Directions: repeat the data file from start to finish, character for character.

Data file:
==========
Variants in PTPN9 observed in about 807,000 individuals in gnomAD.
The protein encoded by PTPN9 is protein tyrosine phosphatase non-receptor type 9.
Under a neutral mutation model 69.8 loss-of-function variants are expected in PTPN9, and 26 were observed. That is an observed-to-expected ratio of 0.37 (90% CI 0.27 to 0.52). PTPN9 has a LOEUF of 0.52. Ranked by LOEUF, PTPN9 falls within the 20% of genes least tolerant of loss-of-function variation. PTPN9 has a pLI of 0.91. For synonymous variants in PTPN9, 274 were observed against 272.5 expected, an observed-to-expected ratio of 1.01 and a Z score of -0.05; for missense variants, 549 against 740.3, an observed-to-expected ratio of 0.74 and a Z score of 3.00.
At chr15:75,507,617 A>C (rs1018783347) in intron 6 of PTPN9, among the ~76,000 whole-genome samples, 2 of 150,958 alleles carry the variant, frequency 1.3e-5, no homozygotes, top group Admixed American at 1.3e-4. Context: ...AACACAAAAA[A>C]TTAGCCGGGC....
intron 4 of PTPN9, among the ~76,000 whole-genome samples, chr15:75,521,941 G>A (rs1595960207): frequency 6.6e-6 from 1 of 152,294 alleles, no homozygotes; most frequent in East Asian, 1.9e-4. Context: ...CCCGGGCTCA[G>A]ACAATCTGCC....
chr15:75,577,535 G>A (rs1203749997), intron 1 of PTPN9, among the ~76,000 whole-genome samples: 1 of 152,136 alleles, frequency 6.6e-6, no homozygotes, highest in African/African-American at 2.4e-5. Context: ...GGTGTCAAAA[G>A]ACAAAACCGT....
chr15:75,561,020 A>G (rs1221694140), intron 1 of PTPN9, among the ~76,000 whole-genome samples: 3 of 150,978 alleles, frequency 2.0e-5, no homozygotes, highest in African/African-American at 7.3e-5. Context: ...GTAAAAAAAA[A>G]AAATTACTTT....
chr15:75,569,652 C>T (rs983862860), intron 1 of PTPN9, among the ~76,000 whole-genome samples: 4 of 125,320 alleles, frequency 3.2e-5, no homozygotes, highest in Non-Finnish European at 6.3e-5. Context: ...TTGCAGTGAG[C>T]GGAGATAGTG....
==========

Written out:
Variants in PTPN9 observed in about 807,000 individuals in gnomAD.
The protein encoded by PTPN9 is protein tyrosine phosphatase non-receptor type 9.
Under a neutral mutation model 69.8 loss-of-function variants are expected in PTPN9, and 26 were observed. That is an observed-to-expected ratio of 0.37 (90% CI 0.27 to 0.52). PTPN9 has a LOEUF of 0.52. Ranked by LOEUF, PTPN9 falls within the 20% of genes least tolerant of loss-of-function variation. PTPN9 has a pLI of 0.91. For synonymous variants in PTPN9, 274 were observed against 272.5 expected, an observed-to-expected ratio of 1.01 and a Z score of -0.05; for missense variants, 549 against 740.3, an observed-to-expected ratio of 0.74 and a Z score of 3.00.
At chr15:75,507,617 A>C (rs1018783347) in intron 6 of PTPN9, among the ~76,000 whole-genome samples, 2 of 150,958 alleles carry the variant, frequency 1.3e-5, no homozygotes, top group Admixed American at 1.3e-4. Context: ...AACACAAAAA[A>C]TTAGCCGGGC....
intron 4 of PTPN9, among the ~76,000 whole-genome samples, chr15:75,521,941 G>A (rs1595960207): frequency 6.6e-6 from 1 of 152,294 alleles, no homozygotes; most frequent in East Asian, 1.9e-4. Context: ...CCCGGGCTCA[G>A]ACAATCTGCC....
chr15:75,577,535 G>A (rs1203749997), intron 1 of PTPN9, among the ~76,000 whole-genome samples: 1 of 152,136 alleles, frequency 6.6e-6, no homozygotes, highest in African/African-American at 2.4e-5. Context: ...GGTGTCAAAA[G>A]ACAAAACCGT....
chr15:75,561,020 A>G (rs1221694140), intron 1 of PTPN9, among the ~76,000 whole-genome samples: 3 of 150,978 alleles, frequency 2.0e-5, no homozygotes, highest in African/African-American at 7.3e-5. Context: ...GTAAAAAAAA[A>G]AAATTACTTT....
chr15:75,569,652 C>T (rs983862860), intron 1 of PTPN9, among the ~76,000 whole-genome samples: 4 of 125,320 alleles, frequency 3.2e-5, no homozygotes, highest in Non-Finnish European at 6.3e-5. Context: ...TTGCAGTGAG[C>T]GGAGATAGTG....